I don’t know if I’ve ever exactly forgotten about Blake Griffin, but certainly the time spent last season toiling away on irrelevant Clippers and Pistons squads didn’t help restore any of the prestige lost during three seasons spent mostly in injury hell. It seems like whole eras have passed since Griffin was the next big thing, to the point where he is now mostly thought of as a bad idea Stan Van Gundy never should’ve been allowed to execute.
He’s not the same guy. Five years ago, Blake Griffin was the most feared dunker in the world. Now he’s mostly earthbound, an uneven finisher who gets dunks punched away by the likes of Jarrett Allen. So the highlights aren’t what they used to be, but that doesn’t mean there aren’t highlights. Tuesday night, Griffin more or less carried the undefeated Pistons to a gutsy home win over flopping-ass Joel Embiid and the 76ers, not by throwing down a series of vicious dunks—those days are long gone—but by playing like a gigantic, LeBron-esque point guard and all-court offensive dynamo:
This got more fun as the game went along. Early in the first half Blake was eating up Dario Saric and Amir Johnson on the low block, with balletic footwork and muscular finishes at the rim. But as the second quarter progressed, Griffin got more and more comfortable attacking off the dribble and operating like a guard. At about the 6:30 mark he beat Bob Covington—a tough-as-hell perimeter defender—with a slick behind-the-back dribble followed by a spin into the lane; on the next Pistons possession, following an Embiid layup, Griffin hurried the ball back into play, then trailed Ish Smith and walked into a rhythm three from the top of the key. It was the first of five treys Griffin hit on the night, and it sent him off to the races—a minute later he sauntered into another three from the wing, then used a nifty on-the-go ball-fake to stuff it right in Embiid’s mug. Griffin had 22 points in the second quarter alone.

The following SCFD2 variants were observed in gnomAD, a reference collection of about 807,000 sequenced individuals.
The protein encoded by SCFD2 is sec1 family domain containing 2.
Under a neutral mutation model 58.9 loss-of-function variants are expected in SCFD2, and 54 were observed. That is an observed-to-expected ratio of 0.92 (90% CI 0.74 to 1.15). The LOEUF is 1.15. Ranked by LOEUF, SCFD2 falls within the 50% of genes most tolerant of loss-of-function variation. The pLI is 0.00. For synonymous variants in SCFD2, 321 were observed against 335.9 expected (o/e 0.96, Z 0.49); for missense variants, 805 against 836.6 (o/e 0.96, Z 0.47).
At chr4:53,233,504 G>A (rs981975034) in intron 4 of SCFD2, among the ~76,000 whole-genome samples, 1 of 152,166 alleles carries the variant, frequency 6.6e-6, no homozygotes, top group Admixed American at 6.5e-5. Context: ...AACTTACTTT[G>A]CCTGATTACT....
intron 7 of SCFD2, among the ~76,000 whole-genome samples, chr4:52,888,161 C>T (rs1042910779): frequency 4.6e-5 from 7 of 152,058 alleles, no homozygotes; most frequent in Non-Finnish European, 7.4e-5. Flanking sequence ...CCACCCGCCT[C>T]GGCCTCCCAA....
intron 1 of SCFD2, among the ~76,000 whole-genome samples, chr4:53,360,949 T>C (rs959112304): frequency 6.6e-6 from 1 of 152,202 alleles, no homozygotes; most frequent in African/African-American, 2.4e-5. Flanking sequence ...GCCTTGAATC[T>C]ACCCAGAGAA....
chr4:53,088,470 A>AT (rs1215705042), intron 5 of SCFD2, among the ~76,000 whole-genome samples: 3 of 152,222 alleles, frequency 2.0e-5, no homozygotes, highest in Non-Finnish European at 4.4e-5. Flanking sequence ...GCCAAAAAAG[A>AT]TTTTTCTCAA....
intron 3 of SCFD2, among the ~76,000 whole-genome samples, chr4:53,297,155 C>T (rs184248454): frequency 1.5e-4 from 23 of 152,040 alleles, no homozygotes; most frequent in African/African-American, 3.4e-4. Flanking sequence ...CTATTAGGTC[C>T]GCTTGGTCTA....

By the end of the third quarter the Pistons weren’t even bothering to have Ish Smith or Reggie Jackson bring the ball up the floor, electing instead to use Griffin as a dump truck-sized lead guard. Griffin attempted a truly absurd 35 shots in the game, but check out this sparkling distribution:
When Griffin was first diversifying his offensive game, back in the late Lob City days, his go-to jumper was the pick-and-pop long-two, from the elbows or beyond. Tuesday night, at least, Griffin turned the vast majority of those long-twos into above-the-break threes, and produced a downright James Harden-ian shot chart, featuring 18 shots at the rim and 10 shots from downtown. If you can’t smash on dudes at will, the next best thing you can be is exactly this sort of player, who divides his shots up between knifing drives, brutal backdowns, and rhythm three-pointers.
It was a hell of a performance, and it ended on the best possible note. With his Pistons down two in overtime, Griffin received an after-time-out inbounds pass beyond the arc, where Embiid had no choice but to guard him closely. Griffin faked a handoff to a sprinting Reggie Bullock, then darted into the space opened up by Philly’s reacting defenders, drove hard to the cup, and finished through contact for the game-winning and-one. The bucket gave Griffin a career-high 50 points.
The Pistons are now 3–0, and Griffin is averaging 36 points on outrageous 62 percent True Shooting. Probably none of this will last, but it’s an encouraging reminder of all the beautiful shit other than dunking a healthy Blake Griffin can do on a basketball court.